How much time should dairy cows spend outside?

By Augustus Bambridge-Sutton

- Last updated on GMT

How much freedom should cows have? Image Source: Getty Images/DaydreamsGirl
How much freedom should cows have? Image Source: Getty Images/DaydreamsGirl

Related tags Free range Dairy Animal welfare

To have a fulfilling life, cows arguably must be allowed outside. But what constitutes a ‘free-range’ cow is ambiguous. For optimum welfare, farmers must balance time outdoors and time indoors.

While dairy cows usually spend at least some of the time out of doors, the amount of time this is varies greatly depending on the farm, and the cow, in question.

There are a number of reasons for this. On the one hand, keeping them indoors can sometimes be beneficial, as it shields them from bad weather and allows the farmer greater control over their diet. On the other hand, one reason to keep them indoors is simply to increase yields.

How much should cows spend outside, and how can farmers reassure consumers that they are allowing their livestock to enjoy pasture?

Why are cows kept indoors?

Cows must be kept indoors for a certain amount of time each year, although this amount of time is not set in stone. The reasons that they need to go inside are to boost yield for the farmers, and look after the health of the cow.

Diet is also key, and grass is not always adequate. “Although grass may look the same when you're looking over the hedge, the reality is the quality of the nutrition in the grass is variable at different times of the year, so that can have an influence,” Paul Tompkins, diary board chair at the UK’s National Farmers’ Union, told FoodNavigator.

“Modern high-yielding dairy cows have been bred to produce very large volumes of milk – meaning they have very high energy requirements. Therefore they need additional, concentrated feed. That’s a key argument for keeping them indoors – to control diet and in turn production and body condition,” a spokesperson for the organisation Compassion in World Farming (CIWF) added.

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Cows must be kept inside during the winter months for their own welfare. Image Source: Getty Images/deimagine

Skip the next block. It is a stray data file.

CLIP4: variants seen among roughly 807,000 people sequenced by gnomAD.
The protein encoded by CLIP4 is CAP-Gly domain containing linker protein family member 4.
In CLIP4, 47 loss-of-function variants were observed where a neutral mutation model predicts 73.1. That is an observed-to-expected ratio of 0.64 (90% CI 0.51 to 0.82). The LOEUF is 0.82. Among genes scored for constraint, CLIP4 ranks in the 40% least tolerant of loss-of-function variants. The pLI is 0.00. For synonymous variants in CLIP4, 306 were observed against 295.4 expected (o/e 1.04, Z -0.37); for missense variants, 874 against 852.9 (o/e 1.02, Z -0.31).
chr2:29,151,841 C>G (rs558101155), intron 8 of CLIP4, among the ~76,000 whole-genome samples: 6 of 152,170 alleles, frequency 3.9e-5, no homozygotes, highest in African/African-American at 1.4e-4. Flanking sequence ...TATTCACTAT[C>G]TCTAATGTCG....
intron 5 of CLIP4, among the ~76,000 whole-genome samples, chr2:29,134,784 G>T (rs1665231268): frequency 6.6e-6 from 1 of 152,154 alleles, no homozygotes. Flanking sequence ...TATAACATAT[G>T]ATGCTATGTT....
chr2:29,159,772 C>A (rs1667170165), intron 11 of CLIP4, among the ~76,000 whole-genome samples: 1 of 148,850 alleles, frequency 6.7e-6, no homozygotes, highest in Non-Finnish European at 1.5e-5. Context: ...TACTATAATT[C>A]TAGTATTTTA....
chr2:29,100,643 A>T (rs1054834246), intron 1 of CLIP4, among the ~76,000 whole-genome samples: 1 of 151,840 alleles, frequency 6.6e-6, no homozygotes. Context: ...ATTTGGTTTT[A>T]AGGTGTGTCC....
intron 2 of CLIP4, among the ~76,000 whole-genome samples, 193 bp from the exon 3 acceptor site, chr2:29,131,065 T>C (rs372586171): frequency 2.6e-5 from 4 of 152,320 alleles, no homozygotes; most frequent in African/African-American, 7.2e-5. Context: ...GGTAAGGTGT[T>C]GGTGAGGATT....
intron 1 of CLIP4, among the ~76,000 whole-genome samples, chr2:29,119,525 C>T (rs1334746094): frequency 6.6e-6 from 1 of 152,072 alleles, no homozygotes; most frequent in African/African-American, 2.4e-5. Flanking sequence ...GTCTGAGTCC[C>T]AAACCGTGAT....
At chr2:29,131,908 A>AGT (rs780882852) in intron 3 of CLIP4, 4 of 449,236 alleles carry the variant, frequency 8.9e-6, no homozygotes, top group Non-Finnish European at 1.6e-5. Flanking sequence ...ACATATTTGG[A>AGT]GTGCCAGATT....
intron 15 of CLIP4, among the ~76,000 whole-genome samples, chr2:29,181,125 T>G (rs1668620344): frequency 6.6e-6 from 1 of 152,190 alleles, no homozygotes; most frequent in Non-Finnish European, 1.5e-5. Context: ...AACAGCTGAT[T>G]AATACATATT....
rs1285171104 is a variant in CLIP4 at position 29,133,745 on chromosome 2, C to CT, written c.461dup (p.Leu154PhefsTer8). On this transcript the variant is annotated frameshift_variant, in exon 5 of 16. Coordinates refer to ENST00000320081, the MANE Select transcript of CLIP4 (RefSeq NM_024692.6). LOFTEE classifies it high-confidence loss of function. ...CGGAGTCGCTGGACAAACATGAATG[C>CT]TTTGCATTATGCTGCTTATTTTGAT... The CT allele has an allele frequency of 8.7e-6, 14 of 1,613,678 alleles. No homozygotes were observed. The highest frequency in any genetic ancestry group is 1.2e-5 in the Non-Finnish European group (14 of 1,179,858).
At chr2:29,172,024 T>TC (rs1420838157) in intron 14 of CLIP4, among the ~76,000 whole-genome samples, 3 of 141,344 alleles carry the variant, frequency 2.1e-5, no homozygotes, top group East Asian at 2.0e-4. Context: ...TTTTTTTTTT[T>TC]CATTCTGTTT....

“Grass is variable in quality - when poor, they can lose condition. To keep a cow high yielding requires a balance between energy and fibre (balancing digestive issues vs loss of condition), hence the closely prescribed TMR (feed). Of course, you could give them access to both grazing and TMR and the cows would fine tune the diet even better.”

However, the CIWF stressed that “we argue that cows should not be as high yielding, and they should be able to be kept outdoors when weather conditions allow, and obtain their energy requirements from their natural diet of pasture.”

The weather also means that having cows outdoors can sometimes be problematic, especially during the more rainy parts of the year. “Cows are pretty heavy animals. They can weigh over half a tonne. They tend to sink if the ground if the ground gets wet," Tompkins told us.

“There are a number of different things that farmers have to balance in their head around the decision whether the cows are being given access to their paddock or to their bar.”

Dairies tend to keep cows inside to increase margins, a spokesperson for the certification Pasture for Life told us. “Many dairies are working to very tight margins and often take a view that increasing output and simplification of the system will help them to increase those margins. The intensification of dairy systems is generally reliant on that simplification and one way to increase control in the system is to house animals and bring feed to them,” they said.

Why consumers are turning away from dairy

Consumer interest in dairy is on the decline​. Various surveys have linked this to growing concerns around animal welfare. Environmental concerns also play a role, with many consumers wanting to reduce their environmental impact by switching to alternatives. 

In terms of regulation, Tompkins told us, none exists on how much time a cow should spend outdoors. “Those decisions need to be made by the farmer, not by a piece of paper,” he added.

Certified ‘free-range’ cows?